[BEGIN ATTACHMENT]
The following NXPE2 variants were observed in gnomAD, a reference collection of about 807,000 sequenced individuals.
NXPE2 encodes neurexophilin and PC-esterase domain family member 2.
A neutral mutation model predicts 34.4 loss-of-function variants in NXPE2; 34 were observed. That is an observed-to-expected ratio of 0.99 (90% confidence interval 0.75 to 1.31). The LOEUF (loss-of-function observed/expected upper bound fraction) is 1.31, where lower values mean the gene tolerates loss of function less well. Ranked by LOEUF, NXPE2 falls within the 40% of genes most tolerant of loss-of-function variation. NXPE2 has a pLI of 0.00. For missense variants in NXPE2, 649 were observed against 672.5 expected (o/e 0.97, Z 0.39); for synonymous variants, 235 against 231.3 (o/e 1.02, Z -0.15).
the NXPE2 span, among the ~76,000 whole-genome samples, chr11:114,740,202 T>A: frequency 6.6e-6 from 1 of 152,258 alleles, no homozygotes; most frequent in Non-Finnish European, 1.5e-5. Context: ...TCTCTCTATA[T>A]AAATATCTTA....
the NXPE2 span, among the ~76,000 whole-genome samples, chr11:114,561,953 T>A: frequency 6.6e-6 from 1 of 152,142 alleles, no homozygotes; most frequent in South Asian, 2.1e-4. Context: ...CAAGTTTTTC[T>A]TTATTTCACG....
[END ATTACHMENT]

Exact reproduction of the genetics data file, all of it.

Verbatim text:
The following NXPE2 variants were observed in gnomAD, a reference collection of about 807,000 sequenced individuals.
NXPE2 encodes neurexophilin and PC-esterase domain family member 2.
A neutral mutation model predicts 34.4 loss-of-function variants in NXPE2; 34 were observed. That is an observed-to-expected ratio of 0.99 (90% confidence interval 0.75 to 1.31). The LOEUF (loss-of-function observed/expected upper bound fraction) is 1.31, where lower values mean the gene tolerates loss of function less well. Ranked by LOEUF, NXPE2 falls within the 40% of genes most tolerant of loss-of-function variation. NXPE2 has a pLI of 0.00. For missense variants in NXPE2, 649 were observed against 672.5 expected (o/e 0.97, Z 0.39); for synonymous variants, 235 against 231.3 (o/e 1.02, Z -0.15).
the NXPE2 span, among the ~76,000 whole-genome samples, chr11:114,740,202 T>A: frequency 6.6e-6 from 1 of 152,258 alleles, no homozygotes; most frequent in Non-Finnish European, 1.5e-5. Context: ...TCTCTCTATA[T>A]AAATATCTTA....
the NXPE2 span, among the ~76,000 whole-genome samples, chr11:114,561,953 T>A: frequency 6.6e-6 from 1 of 152,142 alleles, no homozygotes; most frequent in South Asian, 2.1e-4. Context: ...CAAGTTTTTC[T>A]TTATTTCACG....